Recently I posted about a paper of mine coming out in the open-access journal Phenomenology & Practice, entitled “Faith in Technology: Televangelism and the Mediation of Immediate Experience.” Now, my article, along with the new issue of P & P, has gone online (the entire contents can be found here), and I hope that you’ll take a look.
Anyway, as I mentioned a couple of weeks ago, I think that the “techno-phenomenological” approach I have taken towards the topic of televangelism may also be adaptable to fictional narrative television, and that it might thus provide a complement to — not a replacement for — more traditional (narratological-formal and industrial-social-contextual) approaches to television studies. This remains to be seen, of course, and I look forward to hearing your comments on the text itself and on the prospects of adapting its methodology to other sorts of projects.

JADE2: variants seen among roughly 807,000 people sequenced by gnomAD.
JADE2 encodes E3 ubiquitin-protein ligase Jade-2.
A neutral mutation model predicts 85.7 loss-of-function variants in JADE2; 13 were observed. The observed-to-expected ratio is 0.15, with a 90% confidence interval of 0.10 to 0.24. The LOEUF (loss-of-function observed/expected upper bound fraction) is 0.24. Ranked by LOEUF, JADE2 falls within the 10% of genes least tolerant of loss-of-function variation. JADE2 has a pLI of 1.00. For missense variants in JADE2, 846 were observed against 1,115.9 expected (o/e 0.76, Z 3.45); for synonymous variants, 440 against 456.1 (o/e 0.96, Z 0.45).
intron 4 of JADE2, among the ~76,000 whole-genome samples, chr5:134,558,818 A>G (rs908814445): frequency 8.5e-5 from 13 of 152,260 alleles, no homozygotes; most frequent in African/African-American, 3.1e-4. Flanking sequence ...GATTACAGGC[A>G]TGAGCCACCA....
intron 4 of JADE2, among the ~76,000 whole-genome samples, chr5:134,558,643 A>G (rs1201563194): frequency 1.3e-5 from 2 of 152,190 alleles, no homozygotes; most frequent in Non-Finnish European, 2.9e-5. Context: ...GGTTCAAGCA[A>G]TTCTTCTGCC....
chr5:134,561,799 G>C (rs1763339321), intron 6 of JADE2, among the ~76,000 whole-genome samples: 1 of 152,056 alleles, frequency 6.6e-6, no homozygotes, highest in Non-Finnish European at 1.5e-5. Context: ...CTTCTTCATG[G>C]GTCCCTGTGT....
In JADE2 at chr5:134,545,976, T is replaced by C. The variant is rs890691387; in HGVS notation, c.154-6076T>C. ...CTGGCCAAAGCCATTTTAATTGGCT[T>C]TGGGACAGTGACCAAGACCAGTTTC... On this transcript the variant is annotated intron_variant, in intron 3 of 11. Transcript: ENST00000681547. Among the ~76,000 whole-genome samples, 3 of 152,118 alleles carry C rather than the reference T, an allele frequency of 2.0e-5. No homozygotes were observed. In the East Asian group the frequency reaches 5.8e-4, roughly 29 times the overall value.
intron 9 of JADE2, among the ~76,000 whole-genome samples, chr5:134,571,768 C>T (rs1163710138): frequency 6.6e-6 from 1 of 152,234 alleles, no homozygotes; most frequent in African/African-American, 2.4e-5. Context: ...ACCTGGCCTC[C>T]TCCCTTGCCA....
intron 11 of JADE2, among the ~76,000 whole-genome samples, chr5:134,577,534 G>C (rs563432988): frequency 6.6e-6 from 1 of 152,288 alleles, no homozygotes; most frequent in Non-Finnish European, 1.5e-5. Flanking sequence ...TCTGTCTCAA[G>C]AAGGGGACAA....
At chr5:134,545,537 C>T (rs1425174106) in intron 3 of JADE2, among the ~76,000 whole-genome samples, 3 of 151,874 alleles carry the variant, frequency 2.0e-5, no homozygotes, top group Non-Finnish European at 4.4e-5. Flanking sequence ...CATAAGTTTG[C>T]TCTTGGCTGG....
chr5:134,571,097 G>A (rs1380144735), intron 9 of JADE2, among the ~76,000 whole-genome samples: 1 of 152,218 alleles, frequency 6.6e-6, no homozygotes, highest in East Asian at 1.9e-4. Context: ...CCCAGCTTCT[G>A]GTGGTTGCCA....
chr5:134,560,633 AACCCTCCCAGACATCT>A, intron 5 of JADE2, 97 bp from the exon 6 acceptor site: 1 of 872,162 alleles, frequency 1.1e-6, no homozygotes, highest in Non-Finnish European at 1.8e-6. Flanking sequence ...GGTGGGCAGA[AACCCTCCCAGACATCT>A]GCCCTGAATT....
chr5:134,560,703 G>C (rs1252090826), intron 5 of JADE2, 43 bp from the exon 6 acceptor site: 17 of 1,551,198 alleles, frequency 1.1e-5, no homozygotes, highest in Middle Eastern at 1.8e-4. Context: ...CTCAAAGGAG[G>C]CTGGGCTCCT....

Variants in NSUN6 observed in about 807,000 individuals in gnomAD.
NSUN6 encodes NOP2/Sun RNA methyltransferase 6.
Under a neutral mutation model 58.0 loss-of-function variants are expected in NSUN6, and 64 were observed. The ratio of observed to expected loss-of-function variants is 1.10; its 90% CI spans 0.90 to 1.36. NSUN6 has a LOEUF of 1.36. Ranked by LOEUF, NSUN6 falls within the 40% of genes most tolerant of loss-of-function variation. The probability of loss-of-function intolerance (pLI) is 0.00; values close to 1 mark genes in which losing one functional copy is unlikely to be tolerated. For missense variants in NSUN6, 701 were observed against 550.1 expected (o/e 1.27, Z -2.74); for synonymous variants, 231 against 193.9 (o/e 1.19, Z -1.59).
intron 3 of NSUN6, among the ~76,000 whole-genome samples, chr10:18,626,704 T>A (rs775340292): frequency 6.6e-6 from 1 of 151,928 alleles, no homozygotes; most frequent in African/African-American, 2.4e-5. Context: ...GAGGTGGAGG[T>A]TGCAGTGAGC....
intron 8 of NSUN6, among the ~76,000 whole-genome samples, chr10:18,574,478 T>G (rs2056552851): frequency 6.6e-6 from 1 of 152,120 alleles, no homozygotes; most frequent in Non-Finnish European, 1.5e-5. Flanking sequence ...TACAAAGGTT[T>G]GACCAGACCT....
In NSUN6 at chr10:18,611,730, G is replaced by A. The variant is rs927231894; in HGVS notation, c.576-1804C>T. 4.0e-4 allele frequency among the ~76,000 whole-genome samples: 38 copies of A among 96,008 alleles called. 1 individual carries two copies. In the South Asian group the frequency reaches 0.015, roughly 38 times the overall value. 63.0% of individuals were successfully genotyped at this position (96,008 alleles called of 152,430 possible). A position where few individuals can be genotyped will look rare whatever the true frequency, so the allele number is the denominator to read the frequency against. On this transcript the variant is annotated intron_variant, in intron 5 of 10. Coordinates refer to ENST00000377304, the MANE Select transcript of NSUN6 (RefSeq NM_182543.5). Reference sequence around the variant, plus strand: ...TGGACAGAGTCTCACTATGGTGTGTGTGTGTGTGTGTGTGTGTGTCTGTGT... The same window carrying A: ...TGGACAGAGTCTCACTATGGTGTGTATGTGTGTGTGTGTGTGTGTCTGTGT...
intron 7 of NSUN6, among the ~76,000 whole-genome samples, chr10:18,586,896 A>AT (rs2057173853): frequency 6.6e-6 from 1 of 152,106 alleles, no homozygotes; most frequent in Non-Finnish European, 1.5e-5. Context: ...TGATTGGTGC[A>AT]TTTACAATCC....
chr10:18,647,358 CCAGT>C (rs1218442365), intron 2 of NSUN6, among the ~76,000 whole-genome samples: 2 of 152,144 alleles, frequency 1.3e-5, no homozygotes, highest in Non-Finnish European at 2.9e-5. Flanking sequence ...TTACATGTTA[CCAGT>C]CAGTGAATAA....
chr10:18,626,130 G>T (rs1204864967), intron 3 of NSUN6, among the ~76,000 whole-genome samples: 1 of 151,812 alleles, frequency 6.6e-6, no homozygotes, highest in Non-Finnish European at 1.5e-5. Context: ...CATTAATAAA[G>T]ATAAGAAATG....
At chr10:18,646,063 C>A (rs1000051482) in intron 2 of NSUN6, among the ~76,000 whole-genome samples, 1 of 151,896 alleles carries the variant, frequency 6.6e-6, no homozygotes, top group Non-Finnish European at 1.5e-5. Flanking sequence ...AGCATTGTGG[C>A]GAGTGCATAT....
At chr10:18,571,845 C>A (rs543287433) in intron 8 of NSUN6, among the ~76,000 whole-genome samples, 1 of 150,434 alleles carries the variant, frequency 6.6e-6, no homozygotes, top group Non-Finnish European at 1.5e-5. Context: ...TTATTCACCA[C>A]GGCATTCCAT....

Incidentally, though, since the time of suggesting that such adaptation might be possible, it has occurred to me that I once undertook a very cursory attempt at doing just that: in a very short essay, entitled “Techno-Habitats and Media Habits: Reflections on Contemporary Children’s Television” (originally published in Philament 12), I implicitly assumed a techno-phenomenological approach to young children’s TV shows like Teletubbies, Bob the Builder, or Lunar Jim. That paper, roughly contemporary with my initial work on the televangelism paper, just sketched out some ideas, presenting them in a literally essayistic manner, while the theoretical and methodological underpinnings were not explored. Now, with the publication of the televangelism paper, the methodology in particular has become available for inspection (the deeper theoretical implications, on the other hand, remain buried in the media-philosophical Part Two of my dissertation, Postnaturalism: Frankenstein, Film, and the Anthropotechnical Interface). So please take a look and let me know what you think about the prospects for a techno-phenomenological form of television studies.